call to pure virtual function from base class constructor

calling pure virtual function from base class
private virtual function c++
c++ virtual function
base class object calling derived function
c++ override non virtual function
how to call a function in a constructor c++
how to call base class method from derived class in c++
c : virtual function not called

I have a base class MyBase that contains a pure virtual function:

void PrintStartMessage() = 0

I want each derived class to call it in their constructor

then I put it in base class(MyBase) constructor

 class MyBase
 {
 public:

      virtual void PrintStartMessage() =0;
      MyBase()
      {
           PrintStartMessage();
      }

 };

 class Derived:public MyBase
 {     

 public:
      void  PrintStartMessage(){

      }
 };

void main()
 {
      Derived derived;
 }

but I get a linker error.

 this is error message : 

 1>------ Build started: Project: s1, Configuration: Debug Win32 ------
 1>Compiling...
 1>s1.cpp
 1>Linking...
 1>s1.obj : error LNK2019: unresolved external symbol "public: virtual void __thiscall MyBase::PrintStartMessage(void)" (?PrintStartMessage@MyBase@@UAEXXZ) referenced in function "public: __thiscall MyBase::MyBase(void)" (??0MyBase@@QAE@XZ)
 1>C:\Users\Shmuelian\Documents\Visual Studio 2008\Projects\s1\Debug\s1.exe : fatal error LNK1120: 1 unresolved externals
 1>s1 - 2 error(s), 0 warning(s)

I want force to all derived classes to...

A- implement it

B- call it in their constructor 

How I must do it?


There are many articles that explain why you should never call virtual functions in constructor and destructor in C++. Take a look here and here for details what happens behind the scene during such calls.

In short, objects are constructed from the base up to the derived. So when you try to call a virtual function from the base class constructor, overriding from derived classes hasn't yet happened because the derived constructors haven't been called yet.

C++ Abstract Class: constructor yes or no?, How do you call a virtual function in base class? You can’t do it the way you imagine because you cannot call derived virtual functions from within the base class constructor—the object is not yet of the derived type. But you don’t need to do this. Calling PrintStartMessage after MyBase construction. Let’s assume that you want to do something like this:


Trying to call a pure abstract method from a derived while that object is still being constructed is unsafe. It's like trying to fill gas into a car but that car is still on the assembly line and the gas tank hasn't been put in yet.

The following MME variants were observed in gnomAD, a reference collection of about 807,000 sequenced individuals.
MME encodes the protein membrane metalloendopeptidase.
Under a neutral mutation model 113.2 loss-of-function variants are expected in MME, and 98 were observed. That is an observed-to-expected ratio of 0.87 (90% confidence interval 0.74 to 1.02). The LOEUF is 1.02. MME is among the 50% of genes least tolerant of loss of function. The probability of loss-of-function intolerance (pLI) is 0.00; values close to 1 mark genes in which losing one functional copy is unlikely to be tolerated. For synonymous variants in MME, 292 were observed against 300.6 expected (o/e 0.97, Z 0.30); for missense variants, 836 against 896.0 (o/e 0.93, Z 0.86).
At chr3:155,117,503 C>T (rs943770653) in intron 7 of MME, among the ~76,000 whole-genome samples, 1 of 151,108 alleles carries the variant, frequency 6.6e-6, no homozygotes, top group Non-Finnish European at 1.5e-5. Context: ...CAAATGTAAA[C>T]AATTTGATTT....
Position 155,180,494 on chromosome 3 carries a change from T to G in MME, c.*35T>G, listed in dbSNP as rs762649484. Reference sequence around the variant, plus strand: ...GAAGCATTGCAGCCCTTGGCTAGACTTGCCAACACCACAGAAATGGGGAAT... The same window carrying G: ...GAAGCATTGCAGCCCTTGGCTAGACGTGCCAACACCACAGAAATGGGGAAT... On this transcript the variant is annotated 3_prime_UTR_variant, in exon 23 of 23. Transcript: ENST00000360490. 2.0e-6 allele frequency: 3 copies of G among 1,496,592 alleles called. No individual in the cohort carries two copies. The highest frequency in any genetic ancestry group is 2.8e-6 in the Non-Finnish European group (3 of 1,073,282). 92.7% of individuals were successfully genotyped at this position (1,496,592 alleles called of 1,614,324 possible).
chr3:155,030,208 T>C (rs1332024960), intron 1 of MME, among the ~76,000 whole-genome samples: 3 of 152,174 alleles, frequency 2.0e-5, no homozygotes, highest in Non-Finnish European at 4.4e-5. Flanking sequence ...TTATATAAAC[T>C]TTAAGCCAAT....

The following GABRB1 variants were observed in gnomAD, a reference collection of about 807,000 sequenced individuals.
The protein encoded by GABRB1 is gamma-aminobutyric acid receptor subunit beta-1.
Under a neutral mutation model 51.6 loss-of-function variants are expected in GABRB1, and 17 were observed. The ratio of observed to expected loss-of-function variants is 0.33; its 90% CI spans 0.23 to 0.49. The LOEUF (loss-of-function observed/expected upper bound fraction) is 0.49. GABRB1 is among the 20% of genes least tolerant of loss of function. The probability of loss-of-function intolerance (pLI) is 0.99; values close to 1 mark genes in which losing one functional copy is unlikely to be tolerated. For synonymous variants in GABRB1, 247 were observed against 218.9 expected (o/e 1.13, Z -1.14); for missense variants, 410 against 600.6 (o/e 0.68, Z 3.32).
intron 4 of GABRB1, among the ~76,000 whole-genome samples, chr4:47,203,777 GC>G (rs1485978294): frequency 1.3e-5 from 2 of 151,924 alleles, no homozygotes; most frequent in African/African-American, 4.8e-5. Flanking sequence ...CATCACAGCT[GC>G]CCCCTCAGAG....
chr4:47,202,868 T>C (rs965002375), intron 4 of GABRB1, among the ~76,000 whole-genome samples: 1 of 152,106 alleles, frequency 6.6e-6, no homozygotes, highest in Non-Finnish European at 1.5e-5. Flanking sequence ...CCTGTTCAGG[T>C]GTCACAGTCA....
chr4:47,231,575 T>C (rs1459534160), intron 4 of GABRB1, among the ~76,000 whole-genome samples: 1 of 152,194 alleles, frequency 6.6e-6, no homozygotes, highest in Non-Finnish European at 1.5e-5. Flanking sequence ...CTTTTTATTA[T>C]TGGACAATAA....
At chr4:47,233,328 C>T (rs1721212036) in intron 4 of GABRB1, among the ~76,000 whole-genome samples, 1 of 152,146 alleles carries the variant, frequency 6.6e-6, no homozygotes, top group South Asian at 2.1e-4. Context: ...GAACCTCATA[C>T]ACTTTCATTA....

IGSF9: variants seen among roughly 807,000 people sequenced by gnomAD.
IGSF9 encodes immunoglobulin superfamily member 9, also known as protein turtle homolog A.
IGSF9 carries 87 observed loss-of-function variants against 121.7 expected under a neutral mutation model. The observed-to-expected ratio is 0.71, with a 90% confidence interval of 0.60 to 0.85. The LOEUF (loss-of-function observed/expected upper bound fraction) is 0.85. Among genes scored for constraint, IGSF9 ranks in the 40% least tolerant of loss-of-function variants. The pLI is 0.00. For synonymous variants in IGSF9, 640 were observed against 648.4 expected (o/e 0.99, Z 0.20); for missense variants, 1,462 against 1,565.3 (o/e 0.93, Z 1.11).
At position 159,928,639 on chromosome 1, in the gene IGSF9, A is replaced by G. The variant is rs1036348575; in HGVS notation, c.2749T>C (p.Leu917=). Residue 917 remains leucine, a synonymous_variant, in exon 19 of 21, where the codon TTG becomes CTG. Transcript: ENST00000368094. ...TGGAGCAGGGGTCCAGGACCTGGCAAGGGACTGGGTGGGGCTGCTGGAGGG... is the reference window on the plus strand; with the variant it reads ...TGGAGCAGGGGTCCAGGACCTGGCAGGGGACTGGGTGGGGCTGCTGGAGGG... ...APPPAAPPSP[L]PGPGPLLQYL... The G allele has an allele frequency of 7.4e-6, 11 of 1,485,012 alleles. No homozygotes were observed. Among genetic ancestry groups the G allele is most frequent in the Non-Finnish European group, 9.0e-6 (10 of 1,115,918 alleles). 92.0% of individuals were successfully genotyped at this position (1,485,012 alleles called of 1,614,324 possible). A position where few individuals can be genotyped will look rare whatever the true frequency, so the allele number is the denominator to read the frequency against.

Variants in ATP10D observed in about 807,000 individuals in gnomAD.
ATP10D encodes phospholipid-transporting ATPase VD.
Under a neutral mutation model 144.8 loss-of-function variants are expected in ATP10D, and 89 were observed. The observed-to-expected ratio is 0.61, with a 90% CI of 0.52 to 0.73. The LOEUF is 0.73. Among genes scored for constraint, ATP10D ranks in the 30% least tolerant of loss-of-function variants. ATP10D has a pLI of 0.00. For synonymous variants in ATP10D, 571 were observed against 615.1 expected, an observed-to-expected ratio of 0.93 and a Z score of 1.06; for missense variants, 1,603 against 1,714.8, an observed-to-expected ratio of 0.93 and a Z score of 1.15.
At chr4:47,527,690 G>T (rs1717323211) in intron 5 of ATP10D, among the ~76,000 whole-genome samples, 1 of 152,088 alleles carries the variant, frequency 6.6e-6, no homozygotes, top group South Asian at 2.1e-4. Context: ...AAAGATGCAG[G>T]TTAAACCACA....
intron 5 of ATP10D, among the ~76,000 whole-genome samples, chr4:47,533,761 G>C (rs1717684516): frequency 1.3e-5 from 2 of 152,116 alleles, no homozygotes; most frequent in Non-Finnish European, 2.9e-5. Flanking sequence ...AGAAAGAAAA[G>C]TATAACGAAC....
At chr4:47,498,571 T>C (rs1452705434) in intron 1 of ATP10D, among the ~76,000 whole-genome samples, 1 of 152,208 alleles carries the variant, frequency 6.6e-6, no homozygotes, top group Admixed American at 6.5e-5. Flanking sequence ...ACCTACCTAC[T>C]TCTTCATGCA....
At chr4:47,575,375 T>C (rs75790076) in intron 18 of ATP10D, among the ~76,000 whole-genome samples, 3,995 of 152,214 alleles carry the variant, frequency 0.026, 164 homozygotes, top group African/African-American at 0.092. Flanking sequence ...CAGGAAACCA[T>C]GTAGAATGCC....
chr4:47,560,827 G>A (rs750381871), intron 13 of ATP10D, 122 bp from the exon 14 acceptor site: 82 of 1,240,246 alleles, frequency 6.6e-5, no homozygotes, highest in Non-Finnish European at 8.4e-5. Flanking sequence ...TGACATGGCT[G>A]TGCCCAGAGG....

The closest you can get to doing something like that is to fully construct your object first and then calling the method after:

template <typename T>
T construct_and_print()
{
  T obj;
  obj.PrintStartMessage();

  return obj;
}

int main()
{
    Derived derived = construct_and_print<Derived>();
}

Can I call a base class's virtual function if I'm overriding it?, discussion __purecall , we saw that you can declare a pure virtual function with the = 0 syntax, and if you try to call one of these functions from the base class, Member functions can be called from a constructor (or destructor) So a call to the virtual method in the constructor will call the Base class' virtual method. Or if it has no implementation at that level, it'll produce a pure virtual method call. Once Base is fully constructed, the compiler starts building Derived class, and overrides the method pointers to point Derived class' implementation.


You can't do it the way you imagine because you cannot call derived virtual functions from within the base class constructor—the object is not yet of the derived type. But you don't need to do this.

Calling PrintStartMessage after MyBase construction

Let's assume that you want to do something like this:

class MyBase {
public:
    virtual void PrintStartMessage() = 0;
    MyBase() {
        printf("Doing MyBase initialization...\n");
        PrintStartMessage(); // ⚠ UB: pure virtual function call ⚠
    }
};

class Derived : public MyBase {
public:
    virtual void PrintStartMessage() { printf("Starting Derived!\n"); }
};

That is, the desired output is:

Doing MyBase initialization...
Starting Derived!